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dWhen studying a mathematical space X (e.g. a vector space, a topological space, a manifold, a group, an algebraic variety etc.), there are two fundamentally basic ways to try to understand the space:

  1. By looking at subobjects in X, or more generally maps f: Y \to X from some other space Y into X.  For iTnstance, a point in a space X can be viewed as a map from pt to X; a curve in a space X could be thought of as a map from {}[0,1] to X; a group G can be studied via its subgroups K, and so forth.
  2. By looking at objects on X, or more precisely maps f: X \to Y from X into some other space Y.  For instance, one can study a topological space X via the real- or complex-valued continuous functions f \in C(X) on X; one can study a group G via its quotient groups \pi: G \to G/H; one can study an algebraic variety V by studying the polynomials on V (and in particular, the ideal of polynomials that vanish identically on V); and so forth.

(There are also more sophisticated ways to study an object via its maps, e.g. by studying extensions, joinings, splittings, universal lifts, etc.  The general study of objects via the maps between them is formalised abstractly in modern mathematics as category theory, and is also closely related to homological algebra.)

A remarkable phenomenon in many areas of mathematics is that of (contravariant) duality: that the maps into and out of one type of mathematical object X can be naturally associated to the maps out of and into a dual object X^* (note the reversal of arrows here!).  In some cases, the dual object X^* looks quite different from the original object X.  (For instance, in Stone duality, discussed in Notes 4, X would be a Boolean algebra (or some other partially ordered set) and X^* would be a compact totally disconnected Hausdorff space (or some other topological space).)   In other cases, most notably with Hilbert spaces as discussed in Notes 5, the dual object X^* is essentially identical to X itself.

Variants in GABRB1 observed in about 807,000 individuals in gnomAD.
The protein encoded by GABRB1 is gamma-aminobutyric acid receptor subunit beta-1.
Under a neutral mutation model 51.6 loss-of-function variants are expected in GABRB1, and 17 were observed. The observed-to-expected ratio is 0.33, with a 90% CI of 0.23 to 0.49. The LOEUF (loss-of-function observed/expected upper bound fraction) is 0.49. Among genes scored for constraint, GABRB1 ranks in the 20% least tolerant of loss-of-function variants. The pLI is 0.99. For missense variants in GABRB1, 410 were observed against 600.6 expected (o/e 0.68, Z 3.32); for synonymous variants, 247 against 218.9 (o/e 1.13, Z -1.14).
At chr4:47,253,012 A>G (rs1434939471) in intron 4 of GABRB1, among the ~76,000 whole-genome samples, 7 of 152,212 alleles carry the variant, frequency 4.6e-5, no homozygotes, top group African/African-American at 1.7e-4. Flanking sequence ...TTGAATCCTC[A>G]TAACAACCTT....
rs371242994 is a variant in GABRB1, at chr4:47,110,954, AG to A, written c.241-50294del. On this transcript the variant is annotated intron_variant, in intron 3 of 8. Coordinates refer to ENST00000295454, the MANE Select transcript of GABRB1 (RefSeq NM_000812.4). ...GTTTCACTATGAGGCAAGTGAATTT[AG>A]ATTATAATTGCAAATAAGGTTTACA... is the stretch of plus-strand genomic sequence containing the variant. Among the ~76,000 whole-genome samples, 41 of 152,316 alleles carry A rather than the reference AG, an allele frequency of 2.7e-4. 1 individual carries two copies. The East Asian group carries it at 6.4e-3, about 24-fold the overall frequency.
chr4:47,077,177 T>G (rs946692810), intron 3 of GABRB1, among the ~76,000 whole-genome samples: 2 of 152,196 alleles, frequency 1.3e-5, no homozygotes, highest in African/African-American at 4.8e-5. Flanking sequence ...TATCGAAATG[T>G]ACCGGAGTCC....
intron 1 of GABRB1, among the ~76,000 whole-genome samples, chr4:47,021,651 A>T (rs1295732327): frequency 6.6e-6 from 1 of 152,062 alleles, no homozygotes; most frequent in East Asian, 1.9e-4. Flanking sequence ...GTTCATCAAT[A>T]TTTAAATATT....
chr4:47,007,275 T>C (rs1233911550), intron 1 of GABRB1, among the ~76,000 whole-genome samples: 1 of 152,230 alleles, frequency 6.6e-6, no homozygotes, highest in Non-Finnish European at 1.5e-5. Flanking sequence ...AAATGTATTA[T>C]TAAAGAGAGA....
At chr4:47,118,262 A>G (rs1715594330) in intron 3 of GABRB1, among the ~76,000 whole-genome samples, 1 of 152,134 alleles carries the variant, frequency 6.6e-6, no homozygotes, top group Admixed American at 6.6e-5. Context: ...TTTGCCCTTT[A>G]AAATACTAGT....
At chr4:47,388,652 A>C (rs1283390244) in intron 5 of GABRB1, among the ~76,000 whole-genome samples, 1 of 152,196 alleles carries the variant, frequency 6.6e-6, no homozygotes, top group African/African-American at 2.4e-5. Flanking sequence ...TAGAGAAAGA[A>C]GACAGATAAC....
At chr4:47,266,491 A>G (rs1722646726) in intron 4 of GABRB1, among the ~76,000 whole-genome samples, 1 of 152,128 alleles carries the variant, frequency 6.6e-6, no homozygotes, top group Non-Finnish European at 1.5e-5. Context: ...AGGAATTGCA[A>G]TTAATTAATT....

In these notes we discuss a third important case of duality, namely duality of normed vector spaces, which is of an intermediate nature to the previous two examples: the dual X^* of a normed vector space turns out to be another normed vector space, but generally one which is not equivalent to X itself (except in the important special case when X is a Hilbert space, as mentioned above).  On the other hand, the double dual (X^*)^* turns out to be closely related to X, and in several (but not all) important cases, is essentially identical to X.  One of the most important uses of dual spaces in functional analysis is that it allows one to define the transpose T^*: Y^* \to X^* of a continuous linear operator T: X \to Y.

A fundamental tool in understanding duality of normed vector spaces will be the Hahn-Banach theorem, which is an indispensable tool for exploring the dual of a vector space.  (Indeed, without this theorem, it is not clear at all that the dual of a non-trivial normed vector space is non-trivial!)  Thus, we shall study this theorem in detail in these notes concurrently with our discussion of duality.

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